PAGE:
Self-awareness is often encouraged, but it can be challenging. A study published in the Proceedings of the National Academy of Sciences found brain imaging evidence that self-perception becomes compressed over time.
This research was based on 4 studies, whereby participants rated themselves at time points in the past and future, and found that they compressed their past and future selves in comparison to their present self, which was also evidenced by scans from brain imaging technology.
Given that these research findings show how perceptions of self become smaller and take up less space over time, it may help to understand how some individuals have greater difficulty remembering their decisions from the past precisely.
Understanding Temporal Self-Compression
Based on 4 separate studies, this research demonstrates how perceptions of past and future selves get more compressed as their distance increases from the present time point, so they may appear blurry.
Researchers found that brain imaging can provide evidence for how future and past selves are viewed more similarly to one another compared to the current self through compression over time.
Older participants were found to display less change in self-perception compared to younger participants and viewed themselves more positively when rating personality traits. As people age, they may be motivated to solidify how they perceive themselves, especially if they see few viable options to change their personality.
A limitation of this research is that these findings regarding older adults may be related to other contributing factors than only temporal self-compression, including impact of the aging process itself.
Blurring Things Mentally
Psychiatrist with Mindpath Health Rashmi Parmar, MD, says, “This study draws attention and provides neurobiological proof of a very basic human trait of blurring things mentally the further we go forward or backward in time.”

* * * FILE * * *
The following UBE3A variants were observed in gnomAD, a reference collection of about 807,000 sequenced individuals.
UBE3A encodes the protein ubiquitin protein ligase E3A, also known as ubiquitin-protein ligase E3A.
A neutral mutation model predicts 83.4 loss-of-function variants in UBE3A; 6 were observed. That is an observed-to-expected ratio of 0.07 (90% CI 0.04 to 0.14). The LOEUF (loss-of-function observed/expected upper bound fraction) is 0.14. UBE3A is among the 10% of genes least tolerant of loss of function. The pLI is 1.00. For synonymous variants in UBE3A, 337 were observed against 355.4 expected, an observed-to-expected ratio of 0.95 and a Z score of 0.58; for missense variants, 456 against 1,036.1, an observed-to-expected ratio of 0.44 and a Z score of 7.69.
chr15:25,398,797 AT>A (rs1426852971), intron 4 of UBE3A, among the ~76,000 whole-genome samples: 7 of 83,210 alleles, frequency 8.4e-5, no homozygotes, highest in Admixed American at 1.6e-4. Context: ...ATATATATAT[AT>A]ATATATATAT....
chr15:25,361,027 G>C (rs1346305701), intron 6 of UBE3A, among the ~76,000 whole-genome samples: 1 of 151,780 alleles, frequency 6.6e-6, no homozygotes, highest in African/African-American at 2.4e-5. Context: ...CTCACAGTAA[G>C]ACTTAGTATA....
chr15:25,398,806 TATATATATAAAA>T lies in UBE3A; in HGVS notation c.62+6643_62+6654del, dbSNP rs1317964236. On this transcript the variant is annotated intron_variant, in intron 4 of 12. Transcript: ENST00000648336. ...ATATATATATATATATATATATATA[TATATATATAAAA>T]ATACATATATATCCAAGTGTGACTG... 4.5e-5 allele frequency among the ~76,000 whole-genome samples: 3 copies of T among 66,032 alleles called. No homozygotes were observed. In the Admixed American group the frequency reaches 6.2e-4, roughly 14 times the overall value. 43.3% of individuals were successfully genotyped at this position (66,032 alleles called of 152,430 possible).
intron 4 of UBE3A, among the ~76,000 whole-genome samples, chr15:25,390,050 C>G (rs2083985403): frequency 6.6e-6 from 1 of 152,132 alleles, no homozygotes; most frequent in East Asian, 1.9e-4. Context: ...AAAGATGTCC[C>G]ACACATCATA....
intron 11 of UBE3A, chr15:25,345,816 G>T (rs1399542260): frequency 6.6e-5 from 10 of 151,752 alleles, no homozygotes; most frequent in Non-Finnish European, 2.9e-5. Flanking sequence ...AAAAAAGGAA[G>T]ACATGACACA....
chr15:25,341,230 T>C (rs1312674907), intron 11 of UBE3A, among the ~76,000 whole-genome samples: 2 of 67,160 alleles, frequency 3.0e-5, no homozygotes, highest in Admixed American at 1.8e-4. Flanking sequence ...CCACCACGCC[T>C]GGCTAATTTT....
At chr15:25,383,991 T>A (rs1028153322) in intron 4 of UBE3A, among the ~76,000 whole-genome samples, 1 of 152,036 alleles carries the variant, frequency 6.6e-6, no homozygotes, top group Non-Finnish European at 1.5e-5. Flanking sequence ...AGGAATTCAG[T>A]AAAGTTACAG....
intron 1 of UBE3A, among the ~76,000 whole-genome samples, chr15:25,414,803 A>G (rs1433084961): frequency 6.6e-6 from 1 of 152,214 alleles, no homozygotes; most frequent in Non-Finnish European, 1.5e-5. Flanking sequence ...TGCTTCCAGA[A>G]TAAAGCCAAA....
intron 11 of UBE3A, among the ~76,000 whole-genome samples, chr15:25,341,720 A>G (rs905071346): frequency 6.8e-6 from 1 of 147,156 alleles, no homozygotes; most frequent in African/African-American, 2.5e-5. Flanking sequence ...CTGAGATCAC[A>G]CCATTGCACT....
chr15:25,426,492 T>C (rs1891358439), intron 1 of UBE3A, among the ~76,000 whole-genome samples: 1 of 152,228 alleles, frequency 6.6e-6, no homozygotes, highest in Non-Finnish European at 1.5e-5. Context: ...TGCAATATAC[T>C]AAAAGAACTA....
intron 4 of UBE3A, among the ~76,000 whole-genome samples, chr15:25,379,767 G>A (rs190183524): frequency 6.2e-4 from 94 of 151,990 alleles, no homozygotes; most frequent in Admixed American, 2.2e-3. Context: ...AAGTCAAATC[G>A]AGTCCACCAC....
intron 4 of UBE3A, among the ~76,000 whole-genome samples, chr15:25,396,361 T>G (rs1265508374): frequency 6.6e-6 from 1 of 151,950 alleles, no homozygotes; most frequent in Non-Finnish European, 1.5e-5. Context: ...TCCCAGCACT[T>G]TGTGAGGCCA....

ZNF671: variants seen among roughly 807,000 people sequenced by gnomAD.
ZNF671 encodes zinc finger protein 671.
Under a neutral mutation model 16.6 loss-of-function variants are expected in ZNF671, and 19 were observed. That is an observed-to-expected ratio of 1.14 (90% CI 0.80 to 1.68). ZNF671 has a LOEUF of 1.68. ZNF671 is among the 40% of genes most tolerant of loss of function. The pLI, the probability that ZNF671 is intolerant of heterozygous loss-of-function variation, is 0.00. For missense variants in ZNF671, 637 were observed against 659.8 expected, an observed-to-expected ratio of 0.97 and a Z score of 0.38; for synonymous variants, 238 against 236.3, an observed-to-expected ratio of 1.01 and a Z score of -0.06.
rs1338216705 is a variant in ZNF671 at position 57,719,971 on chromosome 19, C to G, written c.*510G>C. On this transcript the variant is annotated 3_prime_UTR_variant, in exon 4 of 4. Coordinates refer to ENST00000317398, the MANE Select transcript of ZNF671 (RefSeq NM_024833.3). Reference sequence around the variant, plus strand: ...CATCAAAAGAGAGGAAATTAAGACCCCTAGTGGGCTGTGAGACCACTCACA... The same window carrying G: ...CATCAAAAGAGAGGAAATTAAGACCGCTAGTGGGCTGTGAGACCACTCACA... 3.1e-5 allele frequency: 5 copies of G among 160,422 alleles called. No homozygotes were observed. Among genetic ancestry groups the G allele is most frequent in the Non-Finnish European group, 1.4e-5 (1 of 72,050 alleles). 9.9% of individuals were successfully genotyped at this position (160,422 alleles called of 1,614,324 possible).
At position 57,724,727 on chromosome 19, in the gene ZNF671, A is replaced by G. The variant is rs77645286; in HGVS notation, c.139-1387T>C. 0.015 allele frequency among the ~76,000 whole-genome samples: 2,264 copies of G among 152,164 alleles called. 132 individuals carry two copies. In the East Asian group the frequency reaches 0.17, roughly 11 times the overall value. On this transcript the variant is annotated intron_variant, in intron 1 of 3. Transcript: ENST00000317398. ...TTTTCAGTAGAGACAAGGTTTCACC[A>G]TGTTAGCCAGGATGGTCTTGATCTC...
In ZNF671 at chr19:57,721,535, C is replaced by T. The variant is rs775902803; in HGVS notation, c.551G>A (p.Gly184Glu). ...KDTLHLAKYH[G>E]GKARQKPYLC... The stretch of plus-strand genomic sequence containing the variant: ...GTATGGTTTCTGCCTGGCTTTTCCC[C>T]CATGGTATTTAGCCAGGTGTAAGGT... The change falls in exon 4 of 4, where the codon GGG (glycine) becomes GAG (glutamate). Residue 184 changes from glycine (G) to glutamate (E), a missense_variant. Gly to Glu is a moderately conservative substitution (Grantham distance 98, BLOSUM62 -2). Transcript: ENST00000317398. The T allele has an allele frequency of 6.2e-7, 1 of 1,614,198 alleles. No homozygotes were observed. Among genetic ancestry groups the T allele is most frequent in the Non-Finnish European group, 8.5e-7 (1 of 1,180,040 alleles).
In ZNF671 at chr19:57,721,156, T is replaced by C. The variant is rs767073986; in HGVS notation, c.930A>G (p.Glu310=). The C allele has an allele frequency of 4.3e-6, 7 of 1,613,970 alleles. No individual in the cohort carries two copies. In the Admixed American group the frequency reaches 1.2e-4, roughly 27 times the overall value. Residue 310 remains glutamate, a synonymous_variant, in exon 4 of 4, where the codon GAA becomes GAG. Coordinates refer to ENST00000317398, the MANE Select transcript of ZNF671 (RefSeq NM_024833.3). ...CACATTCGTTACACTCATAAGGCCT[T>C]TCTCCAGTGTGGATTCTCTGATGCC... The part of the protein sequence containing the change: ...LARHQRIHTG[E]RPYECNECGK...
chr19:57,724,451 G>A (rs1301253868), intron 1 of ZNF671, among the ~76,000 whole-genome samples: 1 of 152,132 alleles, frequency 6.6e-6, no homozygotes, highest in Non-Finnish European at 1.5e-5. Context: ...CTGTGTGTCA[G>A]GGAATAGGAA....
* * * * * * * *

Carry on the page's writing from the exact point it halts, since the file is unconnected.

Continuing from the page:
Dr. Parmar explains, “We have all come across temporal recall bias at some point in our lives, whether intentionally or not. The further the said moment is in the past the harder it is to recall details accurately.”
Since details from similar events from the past may be mixed up if they occurred close together, Dr. Parmar says, “This study applies the same principle to not just memory or cognitive recall but to our overall representation of self in our mind, i.e. self-perception.”
Dr. Parmar notes, “The study also used fMRI to assess how the brain appears in relation to self-perception over different time points. The results show that the brain images become less and less discernible the farther out you think about yourself in time.”
Given that the researchers highlight how individuals lean towards an optimistic view of the self in general, Dr. Parmar says, “This explains why we have a better self-perception in the present moment as compared to our past and it improves even further when we look at our future selves.”
We tend to be more precise, detailed and accurate in our observation and perception of things in the present moment and our mental images get blurrier as we move out further away in time.
Dr. Parmar notes, “The neural mechanisms underlying our ability of self-perception may be much more complicated than it appears on the surface. There may be several underlying cognitive pathways, neurotransmitter systems as well as external events that influence our self view.”
As with other cognitive processes, Dr. Parmar highlights that individual traits like IQ, visual and auditory processing speed, memory, etc. can all lead to variable results regarding self-perception.